Starbucks to close 300 stores as profit tumbles

The coffee chain reports fourth-quarter results below forecasts and announces 6,700 more job cuts.

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By Ben Rooney, staff writer.

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NEW YORK ( -- Starbucks Corp. said Wednesday its fiscal first-quarter profit and sales fell short of Wall Street's forecast. The high-end coffee chain also announced 6,700 new job cuts as a weak economy weighed on sales.

For the three months ended Dec. 28, Seattle-based Starbucks reported net income of $64.3 million, or 9 cents per share, compared with $208 million, or 28 cents per share, a year ago.

Excluding certain charges, including a $75.5 million pre-tax charge related to store closures, the company said it earned 15 cents per share. Analysts polled by Thomson Reuters were expecting 17 cents. Sales in the quarter fell 6% to $2.6 billion from $2.8 billion a year ago. Analysts expected $2.69 billion.

Same-store sales, or sales at locations open more than a year, dropped 9% worldwide and 10% in the U.S.

Starbucks said store closures and reduced operations would result in a loss of up to 6,000 retail and 700 non-store jobs. The company expects to close 300 underperforming stores.

Along with previously announced cost-saving measures, Starbucks expects the job cuts and closures to help it save $500 million over the next year.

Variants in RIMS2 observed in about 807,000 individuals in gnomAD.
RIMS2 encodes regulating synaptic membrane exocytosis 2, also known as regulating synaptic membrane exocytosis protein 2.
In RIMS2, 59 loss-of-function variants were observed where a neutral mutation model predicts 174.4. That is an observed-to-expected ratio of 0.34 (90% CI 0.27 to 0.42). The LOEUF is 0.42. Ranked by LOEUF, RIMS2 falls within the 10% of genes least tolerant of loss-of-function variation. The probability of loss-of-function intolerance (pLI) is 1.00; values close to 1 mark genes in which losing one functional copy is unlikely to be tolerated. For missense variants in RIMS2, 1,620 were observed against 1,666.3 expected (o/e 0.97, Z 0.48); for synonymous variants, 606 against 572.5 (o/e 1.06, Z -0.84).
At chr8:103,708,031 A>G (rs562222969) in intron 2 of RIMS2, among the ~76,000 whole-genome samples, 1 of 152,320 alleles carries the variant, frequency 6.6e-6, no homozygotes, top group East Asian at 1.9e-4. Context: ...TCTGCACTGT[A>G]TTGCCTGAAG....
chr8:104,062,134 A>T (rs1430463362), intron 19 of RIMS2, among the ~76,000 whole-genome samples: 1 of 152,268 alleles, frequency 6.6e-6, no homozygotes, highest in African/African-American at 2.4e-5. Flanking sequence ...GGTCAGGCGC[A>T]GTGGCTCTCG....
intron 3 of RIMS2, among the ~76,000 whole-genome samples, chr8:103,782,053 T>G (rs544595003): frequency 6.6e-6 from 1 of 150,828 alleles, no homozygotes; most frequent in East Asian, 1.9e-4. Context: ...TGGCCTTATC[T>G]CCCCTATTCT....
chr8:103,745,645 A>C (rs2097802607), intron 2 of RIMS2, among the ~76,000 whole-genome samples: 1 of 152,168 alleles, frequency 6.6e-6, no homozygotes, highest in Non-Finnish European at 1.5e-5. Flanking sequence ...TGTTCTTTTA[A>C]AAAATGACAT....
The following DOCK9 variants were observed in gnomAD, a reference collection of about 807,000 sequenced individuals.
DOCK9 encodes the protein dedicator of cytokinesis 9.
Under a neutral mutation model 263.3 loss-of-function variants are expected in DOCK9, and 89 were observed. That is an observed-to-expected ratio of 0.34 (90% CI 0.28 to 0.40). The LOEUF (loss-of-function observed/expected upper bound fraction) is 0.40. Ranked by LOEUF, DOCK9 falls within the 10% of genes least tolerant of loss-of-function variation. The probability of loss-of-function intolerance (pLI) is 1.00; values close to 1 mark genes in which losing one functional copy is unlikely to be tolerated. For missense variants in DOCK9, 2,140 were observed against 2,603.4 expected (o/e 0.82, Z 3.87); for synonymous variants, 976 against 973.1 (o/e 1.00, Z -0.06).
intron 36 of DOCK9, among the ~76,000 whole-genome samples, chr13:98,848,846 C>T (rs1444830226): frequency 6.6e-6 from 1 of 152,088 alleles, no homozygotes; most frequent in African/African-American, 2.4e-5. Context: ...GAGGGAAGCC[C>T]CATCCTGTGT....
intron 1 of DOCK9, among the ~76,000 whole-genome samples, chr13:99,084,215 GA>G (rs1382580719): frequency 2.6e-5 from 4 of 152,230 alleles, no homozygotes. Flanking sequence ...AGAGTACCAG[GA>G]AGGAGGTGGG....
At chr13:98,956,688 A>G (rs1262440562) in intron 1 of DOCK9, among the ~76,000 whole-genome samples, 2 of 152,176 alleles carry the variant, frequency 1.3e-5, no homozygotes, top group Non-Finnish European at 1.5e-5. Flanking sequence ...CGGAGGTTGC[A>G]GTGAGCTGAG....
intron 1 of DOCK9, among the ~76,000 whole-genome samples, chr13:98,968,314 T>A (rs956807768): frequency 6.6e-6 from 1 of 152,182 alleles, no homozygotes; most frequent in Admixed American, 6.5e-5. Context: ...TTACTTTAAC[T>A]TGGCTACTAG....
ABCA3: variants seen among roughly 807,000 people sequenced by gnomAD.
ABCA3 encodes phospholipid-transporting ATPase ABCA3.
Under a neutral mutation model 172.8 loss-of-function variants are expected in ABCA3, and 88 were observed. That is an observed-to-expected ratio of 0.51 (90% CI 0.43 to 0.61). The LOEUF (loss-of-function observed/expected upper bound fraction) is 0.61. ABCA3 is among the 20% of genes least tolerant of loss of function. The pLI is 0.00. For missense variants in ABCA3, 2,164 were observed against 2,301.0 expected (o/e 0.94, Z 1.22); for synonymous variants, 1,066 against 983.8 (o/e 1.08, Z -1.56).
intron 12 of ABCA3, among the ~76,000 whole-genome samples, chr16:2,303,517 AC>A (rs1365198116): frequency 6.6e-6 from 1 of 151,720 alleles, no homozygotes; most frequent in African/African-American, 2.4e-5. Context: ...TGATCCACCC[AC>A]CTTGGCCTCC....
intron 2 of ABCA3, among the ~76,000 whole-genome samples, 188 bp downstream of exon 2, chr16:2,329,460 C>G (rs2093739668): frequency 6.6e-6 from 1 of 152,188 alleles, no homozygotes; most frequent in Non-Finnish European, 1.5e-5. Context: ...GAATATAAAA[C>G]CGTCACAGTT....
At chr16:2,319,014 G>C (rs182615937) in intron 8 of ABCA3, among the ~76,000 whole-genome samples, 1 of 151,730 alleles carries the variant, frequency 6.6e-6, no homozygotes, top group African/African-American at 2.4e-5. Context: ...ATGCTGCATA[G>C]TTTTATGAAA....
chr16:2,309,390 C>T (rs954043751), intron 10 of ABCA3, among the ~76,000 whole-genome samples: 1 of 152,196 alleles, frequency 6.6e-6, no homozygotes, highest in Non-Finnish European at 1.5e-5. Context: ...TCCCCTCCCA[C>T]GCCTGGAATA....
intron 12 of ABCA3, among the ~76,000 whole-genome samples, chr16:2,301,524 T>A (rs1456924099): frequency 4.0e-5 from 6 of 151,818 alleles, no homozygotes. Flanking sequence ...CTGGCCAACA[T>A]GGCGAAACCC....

"These are very difficult decisions but necessary to ensure that we have the appropriate infrastructure and cost structure to remain profitable going forward," Troy Alstead, Starbucks chief financial officer, told analysts in a conference call.

Starbucks would not provide a financial forecast for upcoming quarters, blaming current economic uncertainty. However, the company said it plans to open 95 new stores next year, which is 100 less than it opened in 2008.

"We are moving swiftly to adapt our business to the realities of the current environment," said Howard Schultz, Starbucks' president and chief executive.

For his part, Schultz will have his salary reduced to below $10,000 this year from $1.2 million last year. And the company said it will retain only one corporate plane.

Schultz told analysts in a conference call that Starbucks' "earnings will remain under pressure until the economy begins to recover." But he added that it will "emerge leaner, stronger and better positioned" thanks to the company's cost savings plans.

"The quarter wasn't overly surprising," said Sharon Zackfia, an analyst who covers Starbucks for William Blair & Company. "Still, it's not a very pretty picture," she added.

On the bright side, Zackfia said the additional cost savings plans could begin to show results soon.

"Starbucks is a retailer," she said. And cutting costs "is the only way to successfully navigate this economy."

In addition to managing costs, Starbucks said it plans to offer customers "real value" with several "breakfast pairings at attractive price points" due out in March. But the company declined to elaborate on what the pairings would be.

Starbucks (SBUX, Fortune 500), which specializes in higher-end specialty coffee drinks, has struggled with declining sales as a deepening recession has pushed consumers toward cheaper coffee retailers such as McDonald's (MCD, Fortune 500) and Dunkin' Donuts.

Schultz said the company plans to start "pushing back on misconceptions about our affordability."

At the same time, the company remains committed to upholding its "experience oriented brand" while offering "relevant value" to customers, Schultz said.  To top of page

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